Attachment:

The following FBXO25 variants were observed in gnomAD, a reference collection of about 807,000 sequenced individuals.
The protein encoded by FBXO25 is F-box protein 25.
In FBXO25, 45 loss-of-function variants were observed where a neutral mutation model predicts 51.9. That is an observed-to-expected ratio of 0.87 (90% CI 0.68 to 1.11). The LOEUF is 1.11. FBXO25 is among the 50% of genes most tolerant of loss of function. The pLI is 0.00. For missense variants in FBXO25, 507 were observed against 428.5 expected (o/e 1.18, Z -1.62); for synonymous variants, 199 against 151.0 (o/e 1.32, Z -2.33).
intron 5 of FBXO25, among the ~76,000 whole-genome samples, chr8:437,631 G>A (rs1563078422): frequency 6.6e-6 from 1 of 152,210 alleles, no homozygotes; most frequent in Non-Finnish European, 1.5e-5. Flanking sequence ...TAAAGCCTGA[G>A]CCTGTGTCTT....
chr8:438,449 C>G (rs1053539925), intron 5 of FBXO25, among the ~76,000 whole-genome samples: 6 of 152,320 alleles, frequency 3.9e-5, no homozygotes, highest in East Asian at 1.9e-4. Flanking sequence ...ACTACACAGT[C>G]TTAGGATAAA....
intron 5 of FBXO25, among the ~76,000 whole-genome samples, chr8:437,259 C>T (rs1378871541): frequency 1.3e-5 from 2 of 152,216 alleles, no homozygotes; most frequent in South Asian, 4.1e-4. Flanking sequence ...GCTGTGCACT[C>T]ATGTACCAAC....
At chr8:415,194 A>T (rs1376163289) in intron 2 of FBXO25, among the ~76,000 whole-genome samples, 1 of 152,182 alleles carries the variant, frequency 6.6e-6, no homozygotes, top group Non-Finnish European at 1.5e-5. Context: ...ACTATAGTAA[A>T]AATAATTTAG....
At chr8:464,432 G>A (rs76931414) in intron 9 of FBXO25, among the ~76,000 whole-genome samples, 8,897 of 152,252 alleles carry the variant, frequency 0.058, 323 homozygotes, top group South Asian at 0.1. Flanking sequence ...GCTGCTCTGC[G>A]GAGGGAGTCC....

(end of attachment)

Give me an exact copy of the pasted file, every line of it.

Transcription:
The following FBXO25 variants were observed in gnomAD, a reference collection of about 807,000 sequenced individuals.
The protein encoded by FBXO25 is F-box protein 25.
In FBXO25, 45 loss-of-function variants were observed where a neutral mutation model predicts 51.9. That is an observed-to-expected ratio of 0.87 (90% CI 0.68 to 1.11). The LOEUF is 1.11. FBXO25 is among the 50% of genes most tolerant of loss of function. The pLI is 0.00. For missense variants in FBXO25, 507 were observed against 428.5 expected (o/e 1.18, Z -1.62); for synonymous variants, 199 against 151.0 (o/e 1.32, Z -2.33).
intron 5 of FBXO25, among the ~76,000 whole-genome samples, chr8:437,631 G>A (rs1563078422): frequency 6.6e-6 from 1 of 152,210 alleles, no homozygotes; most frequent in Non-Finnish European, 1.5e-5. Flanking sequence ...TAAAGCCTGA[G>A]CCTGTGTCTT....
chr8:438,449 C>G (rs1053539925), intron 5 of FBXO25, among the ~76,000 whole-genome samples: 6 of 152,320 alleles, frequency 3.9e-5, no homozygotes, highest in East Asian at 1.9e-4. Flanking sequence ...ACTACACAGT[C>G]TTAGGATAAA....
intron 5 of FBXO25, among the ~76,000 whole-genome samples, chr8:437,259 C>T (rs1378871541): frequency 1.3e-5 from 2 of 152,216 alleles, no homozygotes; most frequent in South Asian, 4.1e-4. Flanking sequence ...GCTGTGCACT[C>T]ATGTACCAAC....
At chr8:415,194 A>T (rs1376163289) in intron 2 of FBXO25, among the ~76,000 whole-genome samples, 1 of 152,182 alleles carries the variant, frequency 6.6e-6, no homozygotes, top group Non-Finnish European at 1.5e-5. Context: ...ACTATAGTAA[A>T]AATAATTTAG....
At chr8:464,432 G>A (rs76931414) in intron 9 of FBXO25, among the ~76,000 whole-genome samples, 8,897 of 152,252 alleles carry the variant, frequency 0.058, 323 homozygotes, top group South Asian at 0.1. Flanking sequence ...GCTGCTCTGC[G>A]GAGGGAGTCC....